BC-based platform provides support for caregivers

Mandie, a Kelowna mother of three, is one of 23 Canadians whose powerful stories are told in videos at storiesforcaregivers.com.

“My life is different from most people’s.”

That’s what Mandie, a young mother of three in Kelowna, says about her round-the-clock role as a caregiver. Life is different for Mandie because her middle child, Moses, has both autism spectrum disorder and epilepsy. Her youngest, Rose, has cerebral palsy. The care of her special-needs children is all-consuming, so there isn’t much time left to focus on Joey, her eldest and only healthy child.

“You can only offer your most,” says Mandie. “You can’t offer more than your most.”

Mandie’s story is one of 23 powerful mini-documentaries told at the new site www.storiesforcaregivers.com, a critical resource and support network for the millions of caregivers across Canada.

An extraordinary number
Stats Canada pinpoints the number of caregivers at 8 million and growing rapidly. These individuals, mostly unpaid, take care of aging and ailing parents, children, friends, and neighbors.

As Stories for Caregivers illustrates, caregivers tend to fade into the background, losing their identity and self-worth, as they spend so much energy focusing on others. The website offers resources and a discussion board for caregivers to interact with one another about their challenges and triumphs.

“People who are taking care of their family and friends often don’t recognize that they are in a caregiving role,” says Dr Yvette Lu, a Vancouver physician who hosts House Call, one of three video series under Stories for Caregivers umbrella.

The 2016 Carers UK State of Caring survey showed that:
•    54% of family caregivers took more than a year to recognize their caregiving role
•    24% of caregivers took more than 5 years to self-identify as caregivers
•    9% took more than 10 years

Lack of recognition resulted in delayed access to resources and support, and the survey reported increased negative impacts on physical and mental health, finances, and social relationships.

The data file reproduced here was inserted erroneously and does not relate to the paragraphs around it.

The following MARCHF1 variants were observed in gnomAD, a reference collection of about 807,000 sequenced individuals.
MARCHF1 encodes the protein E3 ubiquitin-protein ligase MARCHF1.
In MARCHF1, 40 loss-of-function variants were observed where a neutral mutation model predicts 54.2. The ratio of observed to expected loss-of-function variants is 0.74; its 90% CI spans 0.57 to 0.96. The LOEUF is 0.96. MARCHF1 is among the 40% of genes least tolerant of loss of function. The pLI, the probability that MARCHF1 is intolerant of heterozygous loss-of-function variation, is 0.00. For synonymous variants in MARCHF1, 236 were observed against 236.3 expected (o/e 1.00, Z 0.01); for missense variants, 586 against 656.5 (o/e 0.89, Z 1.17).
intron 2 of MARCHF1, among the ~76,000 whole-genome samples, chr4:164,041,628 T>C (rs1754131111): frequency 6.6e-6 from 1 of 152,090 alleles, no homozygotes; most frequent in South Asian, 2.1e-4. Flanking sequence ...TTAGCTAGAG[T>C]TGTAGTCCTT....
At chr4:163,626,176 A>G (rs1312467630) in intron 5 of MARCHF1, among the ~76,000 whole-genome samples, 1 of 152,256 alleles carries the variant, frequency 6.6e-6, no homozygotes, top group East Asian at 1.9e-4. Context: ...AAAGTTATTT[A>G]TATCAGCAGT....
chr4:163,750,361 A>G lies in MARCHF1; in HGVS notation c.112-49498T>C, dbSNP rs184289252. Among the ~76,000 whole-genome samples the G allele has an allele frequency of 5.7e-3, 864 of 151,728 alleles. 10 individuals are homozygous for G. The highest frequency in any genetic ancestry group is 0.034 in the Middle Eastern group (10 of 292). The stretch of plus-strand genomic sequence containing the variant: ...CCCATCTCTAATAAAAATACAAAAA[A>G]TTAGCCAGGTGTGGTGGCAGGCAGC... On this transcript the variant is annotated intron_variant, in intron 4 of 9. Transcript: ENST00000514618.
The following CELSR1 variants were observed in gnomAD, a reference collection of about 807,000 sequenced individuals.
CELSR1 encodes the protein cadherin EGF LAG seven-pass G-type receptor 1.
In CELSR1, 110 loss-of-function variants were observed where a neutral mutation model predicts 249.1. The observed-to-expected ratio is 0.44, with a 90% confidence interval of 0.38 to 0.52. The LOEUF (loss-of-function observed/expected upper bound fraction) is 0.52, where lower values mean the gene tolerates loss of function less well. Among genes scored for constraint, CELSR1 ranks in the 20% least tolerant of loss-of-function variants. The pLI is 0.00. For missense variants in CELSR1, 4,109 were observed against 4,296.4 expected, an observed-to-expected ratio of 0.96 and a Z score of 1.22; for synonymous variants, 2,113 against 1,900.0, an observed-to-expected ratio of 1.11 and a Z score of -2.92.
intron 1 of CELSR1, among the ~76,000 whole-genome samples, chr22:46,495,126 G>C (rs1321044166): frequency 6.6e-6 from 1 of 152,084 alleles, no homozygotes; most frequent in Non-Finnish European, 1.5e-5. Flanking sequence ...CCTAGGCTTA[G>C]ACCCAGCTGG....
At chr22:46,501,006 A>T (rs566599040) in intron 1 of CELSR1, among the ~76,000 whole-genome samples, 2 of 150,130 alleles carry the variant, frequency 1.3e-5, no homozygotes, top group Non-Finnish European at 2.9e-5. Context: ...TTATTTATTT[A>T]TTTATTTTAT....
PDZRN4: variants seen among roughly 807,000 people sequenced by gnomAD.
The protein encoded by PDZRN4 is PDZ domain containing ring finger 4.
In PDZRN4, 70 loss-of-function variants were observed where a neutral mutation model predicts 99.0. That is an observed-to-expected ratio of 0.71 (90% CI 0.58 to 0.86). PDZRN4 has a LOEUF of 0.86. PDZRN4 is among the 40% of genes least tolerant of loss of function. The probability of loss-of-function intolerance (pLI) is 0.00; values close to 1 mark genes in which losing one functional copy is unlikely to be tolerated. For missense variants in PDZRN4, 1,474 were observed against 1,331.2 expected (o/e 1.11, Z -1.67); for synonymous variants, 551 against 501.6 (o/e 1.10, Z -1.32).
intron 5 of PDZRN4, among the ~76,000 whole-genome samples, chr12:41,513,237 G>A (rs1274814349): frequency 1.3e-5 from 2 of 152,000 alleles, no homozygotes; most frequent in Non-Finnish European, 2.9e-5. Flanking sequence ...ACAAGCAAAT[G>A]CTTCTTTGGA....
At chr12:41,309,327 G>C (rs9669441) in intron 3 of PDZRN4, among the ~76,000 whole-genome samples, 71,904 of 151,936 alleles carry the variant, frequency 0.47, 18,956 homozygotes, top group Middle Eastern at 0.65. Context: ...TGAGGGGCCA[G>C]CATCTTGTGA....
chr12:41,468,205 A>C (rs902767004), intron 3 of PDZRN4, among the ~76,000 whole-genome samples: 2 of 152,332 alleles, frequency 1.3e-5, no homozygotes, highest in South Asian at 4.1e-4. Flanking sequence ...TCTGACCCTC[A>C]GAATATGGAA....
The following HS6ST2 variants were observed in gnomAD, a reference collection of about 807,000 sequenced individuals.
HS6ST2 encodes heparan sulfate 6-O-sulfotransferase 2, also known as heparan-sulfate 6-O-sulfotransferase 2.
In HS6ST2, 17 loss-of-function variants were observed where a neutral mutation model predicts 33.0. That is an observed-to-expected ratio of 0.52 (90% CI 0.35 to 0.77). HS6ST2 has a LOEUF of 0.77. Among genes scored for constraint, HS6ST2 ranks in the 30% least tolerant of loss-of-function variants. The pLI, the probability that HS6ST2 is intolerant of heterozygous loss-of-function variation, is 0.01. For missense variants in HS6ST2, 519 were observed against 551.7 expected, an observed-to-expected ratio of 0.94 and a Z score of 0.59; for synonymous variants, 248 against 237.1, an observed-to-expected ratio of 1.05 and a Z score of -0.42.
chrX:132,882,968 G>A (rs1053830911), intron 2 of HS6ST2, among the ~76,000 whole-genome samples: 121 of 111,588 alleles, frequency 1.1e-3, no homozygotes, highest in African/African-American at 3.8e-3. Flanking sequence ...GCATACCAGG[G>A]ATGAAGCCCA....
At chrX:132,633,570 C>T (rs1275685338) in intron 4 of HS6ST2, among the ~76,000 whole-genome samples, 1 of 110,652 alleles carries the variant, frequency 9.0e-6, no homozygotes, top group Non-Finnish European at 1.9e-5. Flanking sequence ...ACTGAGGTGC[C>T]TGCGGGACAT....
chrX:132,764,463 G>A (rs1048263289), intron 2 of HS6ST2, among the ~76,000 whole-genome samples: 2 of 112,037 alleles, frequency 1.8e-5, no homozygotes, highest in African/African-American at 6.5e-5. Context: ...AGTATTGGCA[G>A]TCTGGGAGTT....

Lu and Brian Wideen, whose Vancouver-based Coup Company recently created www.storiesforcaregivers.com with participation from the Telus Fund, hope Canadians will visit the website, sign up, and participate in its growing community. Whether it’s for support or simply to learn about the challenges so many people are experiencing while they’re taking care of others.

People who aren’t caregivers now may be caregivers tomorrow, so the site is also for them.

A report by the Seniors Advocate of British Columbia found that 31% of caregivers were experiencing distress. By providing a place for caregivers to connect to resources and to each other, hopefully some of their stress and social isolation can be eased. Hearing other caregivers’ stories, and the solutions they have found, may also help caregivers better deal with their own challenges. 
—Jonathan McDonald
Stories for Caregivers

Additional reading
Carers UK. www.carersuk.org/for-professionals/policy/policy-library/missing-out-the....
Office of the Seniors Advocate of BC. www.seniorsadvocatebc.ca/osa-reports/caregivers-in-distress-a-growing-pr....

This posting has not been peer reviewed by the BCMJ Editorial Board.

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